One of these days I'm going with the Avs on one of these Alberta road trips. This one I could even get in three Canadian teams (with a game in Vancouver) in less than a week!! That would be so much fun.
No such luck today, so…I'm here with a little Edmonton Oilers and Calgary Flames history. Though Alberta is full of hockey history, I'll start with the World Hockey Association in the 1970's.
It seems Alberta was destined to have two professional teams; it just took a little time to get all the pieces to fall into place. When the World Hockey Association was formed, Edmonton had the Oilers and Calgary was attempting to ice a team as well, the Broncos, but the team folded before the league got rolling. So the Edmonton Oilers were renamed the Alberta Oilers and were slated to split their games between Edmonton and Calgary. That plan was scrapped before the Oilers and the World Hockey Association opened for the first season in 1972 and it reverted back to the Edmonton Oilers.
Prior to the 1977-78 season the Oilers were nearly a part of the NHL, but a merger was killed and the fate of the Oilers was in the balance, not for the first time. New owner Peter Pocklington was considering closing up the team and was rumored to be trying to buy the Colorado Rockies. The Oilers did continue and in 1978 acquired the rights to Wayne Gretzky. On Gretzky's 18th birthday he would sign a deal with Pocklington at center ice in front of 12,000 fans. And I thought Duchene coming to town was creating hoopla? Wow.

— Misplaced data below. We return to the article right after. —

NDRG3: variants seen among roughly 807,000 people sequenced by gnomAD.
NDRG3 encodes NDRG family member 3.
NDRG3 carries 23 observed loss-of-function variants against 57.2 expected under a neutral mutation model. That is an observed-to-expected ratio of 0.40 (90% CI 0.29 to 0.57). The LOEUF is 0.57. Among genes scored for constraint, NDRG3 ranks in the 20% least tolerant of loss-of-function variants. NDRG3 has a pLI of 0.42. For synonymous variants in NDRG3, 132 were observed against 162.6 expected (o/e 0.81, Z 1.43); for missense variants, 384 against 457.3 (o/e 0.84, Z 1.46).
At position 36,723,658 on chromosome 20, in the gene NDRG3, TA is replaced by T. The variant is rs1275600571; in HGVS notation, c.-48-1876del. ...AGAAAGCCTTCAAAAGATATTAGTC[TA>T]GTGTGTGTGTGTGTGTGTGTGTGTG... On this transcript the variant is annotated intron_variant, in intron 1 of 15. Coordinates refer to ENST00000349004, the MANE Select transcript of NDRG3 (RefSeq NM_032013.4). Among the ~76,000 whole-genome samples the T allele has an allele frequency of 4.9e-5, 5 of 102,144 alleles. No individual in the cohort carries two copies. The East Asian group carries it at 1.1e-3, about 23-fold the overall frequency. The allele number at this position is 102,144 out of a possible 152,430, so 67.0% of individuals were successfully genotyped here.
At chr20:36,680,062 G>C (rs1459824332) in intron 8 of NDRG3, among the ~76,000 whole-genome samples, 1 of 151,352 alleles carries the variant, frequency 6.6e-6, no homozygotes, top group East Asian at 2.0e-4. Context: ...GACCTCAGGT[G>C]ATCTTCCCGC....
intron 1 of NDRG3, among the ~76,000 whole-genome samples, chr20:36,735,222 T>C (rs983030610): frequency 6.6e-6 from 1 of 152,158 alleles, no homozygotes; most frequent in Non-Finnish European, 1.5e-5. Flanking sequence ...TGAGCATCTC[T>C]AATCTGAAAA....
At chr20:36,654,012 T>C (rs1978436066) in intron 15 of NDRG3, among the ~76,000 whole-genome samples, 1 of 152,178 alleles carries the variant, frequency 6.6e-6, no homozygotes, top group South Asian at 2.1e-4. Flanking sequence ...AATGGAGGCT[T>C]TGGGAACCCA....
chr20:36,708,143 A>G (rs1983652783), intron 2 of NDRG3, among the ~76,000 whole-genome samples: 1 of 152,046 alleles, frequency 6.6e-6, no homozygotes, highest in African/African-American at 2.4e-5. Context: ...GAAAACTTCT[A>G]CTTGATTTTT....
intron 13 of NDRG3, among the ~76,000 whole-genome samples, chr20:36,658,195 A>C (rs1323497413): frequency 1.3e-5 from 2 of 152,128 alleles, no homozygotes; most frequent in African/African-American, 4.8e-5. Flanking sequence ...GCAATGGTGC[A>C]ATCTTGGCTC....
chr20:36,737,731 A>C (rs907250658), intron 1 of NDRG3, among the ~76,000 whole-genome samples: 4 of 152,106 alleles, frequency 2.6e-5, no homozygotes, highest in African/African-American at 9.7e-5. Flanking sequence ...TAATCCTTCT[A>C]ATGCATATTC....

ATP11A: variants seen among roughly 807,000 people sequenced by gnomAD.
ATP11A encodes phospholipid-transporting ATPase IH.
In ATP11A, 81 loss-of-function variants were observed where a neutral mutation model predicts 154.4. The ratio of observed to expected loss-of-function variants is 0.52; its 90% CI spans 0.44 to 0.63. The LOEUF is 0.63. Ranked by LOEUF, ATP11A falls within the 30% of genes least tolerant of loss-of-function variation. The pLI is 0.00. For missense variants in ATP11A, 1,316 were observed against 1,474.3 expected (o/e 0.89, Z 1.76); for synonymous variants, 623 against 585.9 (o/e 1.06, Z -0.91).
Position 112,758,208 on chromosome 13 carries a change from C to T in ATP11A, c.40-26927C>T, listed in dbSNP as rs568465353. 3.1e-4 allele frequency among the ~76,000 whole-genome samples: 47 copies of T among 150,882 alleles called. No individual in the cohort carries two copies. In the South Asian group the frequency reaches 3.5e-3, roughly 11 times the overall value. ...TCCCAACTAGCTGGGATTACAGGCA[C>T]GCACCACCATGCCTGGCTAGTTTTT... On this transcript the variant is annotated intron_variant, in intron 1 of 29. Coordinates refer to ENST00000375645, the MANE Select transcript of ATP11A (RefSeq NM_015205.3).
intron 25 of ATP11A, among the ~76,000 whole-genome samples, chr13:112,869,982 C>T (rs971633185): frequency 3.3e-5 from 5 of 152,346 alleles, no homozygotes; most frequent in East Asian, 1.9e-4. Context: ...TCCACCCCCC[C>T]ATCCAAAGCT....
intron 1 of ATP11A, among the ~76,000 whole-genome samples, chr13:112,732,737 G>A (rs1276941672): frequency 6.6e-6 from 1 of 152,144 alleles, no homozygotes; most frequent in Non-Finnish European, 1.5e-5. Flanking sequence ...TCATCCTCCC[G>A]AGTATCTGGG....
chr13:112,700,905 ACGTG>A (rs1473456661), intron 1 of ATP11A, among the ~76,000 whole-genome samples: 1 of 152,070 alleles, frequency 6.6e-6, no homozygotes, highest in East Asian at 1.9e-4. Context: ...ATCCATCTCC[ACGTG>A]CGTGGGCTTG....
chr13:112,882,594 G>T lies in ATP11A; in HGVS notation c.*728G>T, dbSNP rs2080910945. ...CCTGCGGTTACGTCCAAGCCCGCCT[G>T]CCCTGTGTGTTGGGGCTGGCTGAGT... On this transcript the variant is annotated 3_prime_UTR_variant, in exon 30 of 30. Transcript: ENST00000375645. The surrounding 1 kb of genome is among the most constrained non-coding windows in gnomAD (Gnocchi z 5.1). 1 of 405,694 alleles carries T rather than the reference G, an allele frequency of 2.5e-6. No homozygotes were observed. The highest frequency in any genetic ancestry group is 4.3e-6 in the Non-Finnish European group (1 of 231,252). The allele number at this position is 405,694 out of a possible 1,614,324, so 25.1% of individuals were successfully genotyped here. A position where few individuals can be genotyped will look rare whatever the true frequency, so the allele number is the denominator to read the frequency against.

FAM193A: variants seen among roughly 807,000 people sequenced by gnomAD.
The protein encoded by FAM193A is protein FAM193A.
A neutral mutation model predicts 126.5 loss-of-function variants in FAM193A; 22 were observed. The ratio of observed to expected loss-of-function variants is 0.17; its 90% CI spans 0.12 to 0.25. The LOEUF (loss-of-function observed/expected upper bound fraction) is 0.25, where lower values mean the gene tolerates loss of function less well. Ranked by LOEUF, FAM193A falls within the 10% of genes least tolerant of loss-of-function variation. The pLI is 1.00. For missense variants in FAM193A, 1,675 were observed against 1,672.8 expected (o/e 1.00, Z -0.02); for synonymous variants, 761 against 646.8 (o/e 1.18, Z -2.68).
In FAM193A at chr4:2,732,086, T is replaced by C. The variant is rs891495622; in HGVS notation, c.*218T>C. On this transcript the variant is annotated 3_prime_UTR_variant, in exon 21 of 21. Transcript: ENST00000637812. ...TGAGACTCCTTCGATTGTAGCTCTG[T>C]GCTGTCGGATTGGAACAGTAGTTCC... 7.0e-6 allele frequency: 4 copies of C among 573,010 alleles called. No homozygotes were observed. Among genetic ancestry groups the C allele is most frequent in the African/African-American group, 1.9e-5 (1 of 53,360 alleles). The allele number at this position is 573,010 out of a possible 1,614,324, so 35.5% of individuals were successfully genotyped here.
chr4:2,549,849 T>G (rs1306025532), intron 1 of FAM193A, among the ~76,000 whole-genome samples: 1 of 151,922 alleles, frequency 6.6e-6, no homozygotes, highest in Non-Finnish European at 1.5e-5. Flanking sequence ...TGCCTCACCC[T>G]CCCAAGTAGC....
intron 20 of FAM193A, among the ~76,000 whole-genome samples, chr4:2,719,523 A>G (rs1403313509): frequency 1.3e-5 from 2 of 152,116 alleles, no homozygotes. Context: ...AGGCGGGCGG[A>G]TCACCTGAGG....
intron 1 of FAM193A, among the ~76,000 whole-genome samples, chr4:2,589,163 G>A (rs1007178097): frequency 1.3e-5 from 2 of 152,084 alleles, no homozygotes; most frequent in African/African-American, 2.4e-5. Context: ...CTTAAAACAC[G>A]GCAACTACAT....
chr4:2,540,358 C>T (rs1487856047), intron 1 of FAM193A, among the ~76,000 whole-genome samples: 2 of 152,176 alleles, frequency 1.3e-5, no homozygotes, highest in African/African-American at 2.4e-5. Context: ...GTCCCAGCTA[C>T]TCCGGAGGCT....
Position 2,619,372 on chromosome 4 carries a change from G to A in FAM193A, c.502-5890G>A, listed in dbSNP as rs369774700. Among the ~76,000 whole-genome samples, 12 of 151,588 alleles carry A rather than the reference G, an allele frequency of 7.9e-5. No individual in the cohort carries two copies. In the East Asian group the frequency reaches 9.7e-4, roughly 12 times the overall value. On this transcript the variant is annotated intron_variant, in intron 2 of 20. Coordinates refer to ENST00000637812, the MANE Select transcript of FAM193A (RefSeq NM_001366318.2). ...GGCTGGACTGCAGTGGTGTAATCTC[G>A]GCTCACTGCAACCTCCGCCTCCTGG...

The 80’s for the Oilers are well documented, but it wasn't just the Oilers that were winning championships. The Edmonton Eskimos won five straight Grey Cups from 1978-83, and a sixth in 1978. That's the Canadian Football League, by the way. The Oilers would later be allowed to buy their way into the NHL for a mere $6 million. They are the only original WHA team left in the NHL, in their original city.
Meanwhile, Calgary was still struggling to get into the WHA. The city was home to the Calgary Cowboys from 1975-77. But that team folded in short order.
The NHL arrived in Calgary when the Atlanta Flames arrived in 1980. For reasons I cannot discern, they kept the Flames name replacing a flaming 'A' logo with a flaming 'C'. Not real imaginative but on the upside the team avoided being named after some sort of cowboy accessory as was an apparent obsession of all the previous teams. Though to this day they play in the Saddledome. No need to get into how wound up I get about Denver's identity issues as a cow town.
In the Flames second season in Calgary, they traded for Lanny McDonald from the Colorado Rockies. The mustachioed McDonald would finish his career with the Flames and have his number retired. I believe only he and Mike Vernon are in the rafters.
The flames and the Oilers are separated by a mere 180 miles. A natural rivalry, and in 1983 the Flames took the Oilers to seven games in the Smythe Division finals, eventually losing to the Stanley Cup winning Oilers. And so a great rivalry was born, "...you could feel the electricity in the building, playoffs or regular season." said then GM Cliff Fletcher.
Sound like two teams we know a lot about here in Denver?
-From the Point
Thanks to Mike Board, Michael McKinley and Brian McFarlane for writing such great histories of hockey that I have summarized above.